One of the side benefits of wide color gamut is the increase of color detail and subtle hue changes that increase our visual perception and sense of reality of the image. Within many colors in nature, there are varying degrees of the main color. Many, or most of these differences, can be lost when the display is not able to display most or all of the visible colors. When a projector is able to display more of these colors, we see not only details that were not visible before, but the image takes on a more dimensional characteristic to it that is hard to describe – almost like a three dimensional image without 3D glasses or dual images.
Conclusion & Theo Charts
Our goal in upgrading the UHZ65 was to increase the color gamut and improve the blacks. We feel these goals have been achieved and it provides a new and higher level of HDR and wide color gamut experience. As we stated in the beginning – this projector is not for everyone. For those who are competitive gamers and those who have a 3D Blu-ray collection, this may not be the projector for you. But for those who have a budget under $5,500 and appreciate the expanded color and improved blacks and contrast – this may be a good fit. There are also those who are sensitive to the DLP rainbow effect and, even though it is very minor on this projector, it could be a factor and worth considering as well.
The Theo charts were created to allow a comparison between projectors without just looking at technical specifications but using actual measurements and taking into consideration the actual cost, and in some cases the practicality of the projector. Since the Upgraded UHZ651 projector improves the color, contrast and blacks of the projector there must be some downsides as well. The downside of the Upgraded UHZ651 is the added cost and the decrease in overall light output, as can be seen in these charts. Although to the eye, and in most side-by-side comparison scenes with some level of color present, the difference in perceived brightness is a little confusing as it does not look less bright. However, if the image is mostly white there is a visible difference: the Upgraded UHZ651 is less bright. We recommend screen size be kept to 140″ or below for the best experience and HDR 4K dynamics. Here are the Theo charts for both the Upgraded UHZ651 and the regular UHZ65.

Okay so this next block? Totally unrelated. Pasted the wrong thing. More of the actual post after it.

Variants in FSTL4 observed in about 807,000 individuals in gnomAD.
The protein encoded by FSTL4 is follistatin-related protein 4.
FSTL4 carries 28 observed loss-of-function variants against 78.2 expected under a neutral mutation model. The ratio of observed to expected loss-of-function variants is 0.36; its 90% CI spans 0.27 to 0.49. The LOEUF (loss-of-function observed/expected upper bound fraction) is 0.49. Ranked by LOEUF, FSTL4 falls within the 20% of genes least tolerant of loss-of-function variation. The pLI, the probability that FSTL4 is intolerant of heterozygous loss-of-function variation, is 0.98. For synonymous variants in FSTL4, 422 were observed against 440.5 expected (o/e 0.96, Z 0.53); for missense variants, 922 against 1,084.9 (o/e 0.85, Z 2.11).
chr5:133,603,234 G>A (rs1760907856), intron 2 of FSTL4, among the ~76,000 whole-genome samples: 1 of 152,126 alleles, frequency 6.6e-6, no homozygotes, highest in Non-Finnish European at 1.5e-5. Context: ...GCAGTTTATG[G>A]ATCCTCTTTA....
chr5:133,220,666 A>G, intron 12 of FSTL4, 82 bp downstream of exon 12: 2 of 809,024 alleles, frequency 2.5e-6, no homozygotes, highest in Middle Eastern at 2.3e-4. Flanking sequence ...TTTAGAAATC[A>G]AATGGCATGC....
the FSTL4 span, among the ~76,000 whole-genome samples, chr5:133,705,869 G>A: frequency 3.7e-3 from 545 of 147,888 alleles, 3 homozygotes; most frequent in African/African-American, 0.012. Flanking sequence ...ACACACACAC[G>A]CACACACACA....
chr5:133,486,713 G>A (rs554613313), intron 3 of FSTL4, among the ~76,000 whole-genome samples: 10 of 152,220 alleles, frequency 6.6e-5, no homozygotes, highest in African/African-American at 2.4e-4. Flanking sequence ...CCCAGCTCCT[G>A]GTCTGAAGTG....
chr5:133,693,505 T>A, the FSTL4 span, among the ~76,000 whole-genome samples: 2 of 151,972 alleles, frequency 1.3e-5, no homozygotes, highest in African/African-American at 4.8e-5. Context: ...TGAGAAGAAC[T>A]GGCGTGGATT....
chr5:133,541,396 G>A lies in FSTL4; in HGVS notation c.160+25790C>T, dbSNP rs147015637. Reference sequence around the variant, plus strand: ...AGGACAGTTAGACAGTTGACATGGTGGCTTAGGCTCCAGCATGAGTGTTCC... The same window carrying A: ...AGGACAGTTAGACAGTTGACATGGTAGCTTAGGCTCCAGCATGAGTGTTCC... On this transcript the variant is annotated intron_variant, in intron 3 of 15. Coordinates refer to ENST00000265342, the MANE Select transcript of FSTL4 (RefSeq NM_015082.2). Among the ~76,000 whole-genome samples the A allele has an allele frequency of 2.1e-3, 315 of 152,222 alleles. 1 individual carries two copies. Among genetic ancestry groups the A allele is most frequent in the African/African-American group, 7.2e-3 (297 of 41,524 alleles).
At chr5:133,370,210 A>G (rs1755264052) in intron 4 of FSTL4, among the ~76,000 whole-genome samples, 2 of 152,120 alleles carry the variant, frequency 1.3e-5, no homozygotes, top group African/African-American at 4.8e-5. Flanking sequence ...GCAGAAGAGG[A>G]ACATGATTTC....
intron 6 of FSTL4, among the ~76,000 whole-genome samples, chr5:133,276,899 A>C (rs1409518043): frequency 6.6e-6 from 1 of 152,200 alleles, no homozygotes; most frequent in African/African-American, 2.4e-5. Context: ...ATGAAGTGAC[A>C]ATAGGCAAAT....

And here are the two charts overlayed on top of each other so you can visually see the differences in all of the aspect:
Watch the comparison on YouTube!
1In compliance with Optoma, the model for the Upgraded UHZ65 is now called THEO-Z65
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Your review is very interesting and helpful. I would like to know:
1. if you are doing some changes in the projector electronics or just tuning adjustmen?
2. If or how does it affect the guarantee?
As mentioned in our press release (https://www.tvspecialists.com/new-upgraded-uhz65-4k-laser-projector/) we are adding and utilizing “a custom engineered PureChrome©* ultra-efficient cinema filter”, in addition, we’re performing optical modifications. Each projector is also individually calibrated to the REC709, DCI P3, and BT2020.
In regards to the warranty, Optoma USA has approved this modification and the warranty for UHZ65’s bought in the USA are still valid.
You may want to check out the FAQs page where that, along with additional clarifications are address: https://www.tvspecialists.com/upgraded-uhz65-faqs/